Cushman & Wakefield RETHINKING: The Shape Of Real Estate 2040

Owner occupier homes continue to make up the majority share of tenures, however PRS has grown significantly as pricing pressures have squeezed affordability to record lows, accelerated further by the erosion of social housing stock across the country. Looking ahead, the same pressures are expected to persist. Population growth will continue but slow, meanwhile the average age across the country will gradually increase. Additionally, the average household size is trending downward and expected to continue to do so over the medium term, further adding weight to demand. Overall, the outlook expects approximately 4.0 million extra dwelling units will be required in the UK by 2040. While sizeable, this would represent a slight slowdown from the 4.1 million net additional dwellings that were added between 2005 and 2023 as population growth rates in the UK slow. It is important to note that these forecasts are based on the historic trend seen in the housing market and do not expect the chronic shortage of homes across the UK to ease significantly over the next 20 years. Demand for housing will still strongly outweigh supply in years to come even as more tailored housing solutions such as Build to Rent, co-living, student accommodation and seniors housing grow, leading to continued growth in rental values and house prices.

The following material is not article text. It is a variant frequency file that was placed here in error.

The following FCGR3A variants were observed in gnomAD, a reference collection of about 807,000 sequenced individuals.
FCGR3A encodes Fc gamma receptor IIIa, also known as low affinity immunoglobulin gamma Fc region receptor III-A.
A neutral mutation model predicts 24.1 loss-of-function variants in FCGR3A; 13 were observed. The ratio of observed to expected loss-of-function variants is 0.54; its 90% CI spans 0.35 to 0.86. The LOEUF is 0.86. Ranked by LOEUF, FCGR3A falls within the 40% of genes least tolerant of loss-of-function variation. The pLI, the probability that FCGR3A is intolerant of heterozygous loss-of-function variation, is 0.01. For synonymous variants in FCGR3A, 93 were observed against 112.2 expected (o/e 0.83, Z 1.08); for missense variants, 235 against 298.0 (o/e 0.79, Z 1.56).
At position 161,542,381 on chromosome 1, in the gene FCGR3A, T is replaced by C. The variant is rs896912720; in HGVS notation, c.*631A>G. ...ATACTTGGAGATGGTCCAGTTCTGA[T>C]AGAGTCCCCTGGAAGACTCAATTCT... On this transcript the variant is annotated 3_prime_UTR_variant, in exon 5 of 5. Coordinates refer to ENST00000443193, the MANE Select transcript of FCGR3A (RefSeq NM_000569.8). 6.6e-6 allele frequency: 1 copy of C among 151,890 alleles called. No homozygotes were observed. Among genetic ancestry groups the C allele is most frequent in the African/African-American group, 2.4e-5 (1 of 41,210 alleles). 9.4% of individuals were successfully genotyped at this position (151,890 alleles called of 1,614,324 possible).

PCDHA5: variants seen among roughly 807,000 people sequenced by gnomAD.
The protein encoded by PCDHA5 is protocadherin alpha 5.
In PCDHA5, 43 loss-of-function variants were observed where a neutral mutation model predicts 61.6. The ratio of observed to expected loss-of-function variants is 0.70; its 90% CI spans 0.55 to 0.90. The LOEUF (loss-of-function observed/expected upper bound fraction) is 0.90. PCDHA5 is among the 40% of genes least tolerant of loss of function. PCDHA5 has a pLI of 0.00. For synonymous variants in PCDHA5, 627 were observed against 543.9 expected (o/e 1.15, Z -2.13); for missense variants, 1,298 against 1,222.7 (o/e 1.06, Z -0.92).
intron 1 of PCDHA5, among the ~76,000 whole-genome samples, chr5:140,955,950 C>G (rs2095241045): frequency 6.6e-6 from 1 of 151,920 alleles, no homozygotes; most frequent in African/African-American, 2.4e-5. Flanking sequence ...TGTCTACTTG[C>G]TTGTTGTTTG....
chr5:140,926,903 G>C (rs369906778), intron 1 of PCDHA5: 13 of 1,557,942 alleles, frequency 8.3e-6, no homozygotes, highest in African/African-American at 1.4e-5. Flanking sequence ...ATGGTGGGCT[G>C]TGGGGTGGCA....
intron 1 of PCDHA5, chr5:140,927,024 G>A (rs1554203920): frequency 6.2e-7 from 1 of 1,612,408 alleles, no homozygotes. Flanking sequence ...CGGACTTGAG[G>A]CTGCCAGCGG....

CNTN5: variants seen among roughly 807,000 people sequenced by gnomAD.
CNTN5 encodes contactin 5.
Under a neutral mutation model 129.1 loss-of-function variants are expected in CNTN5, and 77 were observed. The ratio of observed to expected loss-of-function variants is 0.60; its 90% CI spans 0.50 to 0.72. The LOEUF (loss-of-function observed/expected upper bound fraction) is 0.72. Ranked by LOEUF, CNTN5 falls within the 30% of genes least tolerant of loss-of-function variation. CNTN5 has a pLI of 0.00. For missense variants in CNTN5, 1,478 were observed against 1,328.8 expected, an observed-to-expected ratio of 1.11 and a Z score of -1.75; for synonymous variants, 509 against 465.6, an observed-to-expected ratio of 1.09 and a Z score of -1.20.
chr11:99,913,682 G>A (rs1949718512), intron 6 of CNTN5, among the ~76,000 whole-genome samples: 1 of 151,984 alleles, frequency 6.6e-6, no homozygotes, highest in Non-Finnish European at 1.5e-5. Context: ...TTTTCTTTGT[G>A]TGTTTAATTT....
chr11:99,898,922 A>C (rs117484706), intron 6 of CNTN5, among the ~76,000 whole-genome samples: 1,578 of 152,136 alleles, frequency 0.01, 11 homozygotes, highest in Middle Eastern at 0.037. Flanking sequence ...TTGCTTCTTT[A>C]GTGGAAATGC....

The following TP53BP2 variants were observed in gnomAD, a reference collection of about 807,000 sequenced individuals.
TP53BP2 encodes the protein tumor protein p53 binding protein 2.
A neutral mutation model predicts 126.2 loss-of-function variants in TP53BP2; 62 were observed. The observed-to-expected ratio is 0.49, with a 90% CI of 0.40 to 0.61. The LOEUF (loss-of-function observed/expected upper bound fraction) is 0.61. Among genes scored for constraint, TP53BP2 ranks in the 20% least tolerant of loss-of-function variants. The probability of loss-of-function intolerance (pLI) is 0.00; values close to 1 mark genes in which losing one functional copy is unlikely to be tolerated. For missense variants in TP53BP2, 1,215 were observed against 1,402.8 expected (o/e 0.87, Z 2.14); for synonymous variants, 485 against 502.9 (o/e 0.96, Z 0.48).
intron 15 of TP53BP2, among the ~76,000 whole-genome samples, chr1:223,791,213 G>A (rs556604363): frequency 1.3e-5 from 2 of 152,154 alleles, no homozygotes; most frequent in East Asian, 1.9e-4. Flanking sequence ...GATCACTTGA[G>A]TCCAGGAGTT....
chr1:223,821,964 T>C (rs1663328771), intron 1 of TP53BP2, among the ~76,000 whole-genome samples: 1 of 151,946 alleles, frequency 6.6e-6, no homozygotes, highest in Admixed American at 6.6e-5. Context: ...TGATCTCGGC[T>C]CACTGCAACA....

Additionally, the forecasts assume that the social rented sector maintains its 2023 level, accounting for 16.5% of the overall housing market.

Funding pressures will continue to compete with a growing public appetite for social housing delivery, alongside the persisting erosion of existing stock through the right to buy. Additionally, social housing delivery is particularly exposed to policy levers being pulled in the future which presents both upside and downside risks to social housing delivery. While the volatility of these factors puts it beyond the scope of this report, it is hoped that the trajectory toward greater delivery of social and affordable home increases. The majority of growth in dwellings is projected to be delivered through PRS. This is due to the decreasing affordability of homes, with future house price growth expected to outpace growth in disposable incomes as demand continues to outweigh supply, leading to a greater share of tenures being in rented units. Growth is expected to be seen in urban areas most prominently, with high density housing units centred around transport hubs. Green belt restrictions will continue to hem in activity on the periphery of cities, however planning regulations are expected to ease some limitations as housing pressures become even more acute.




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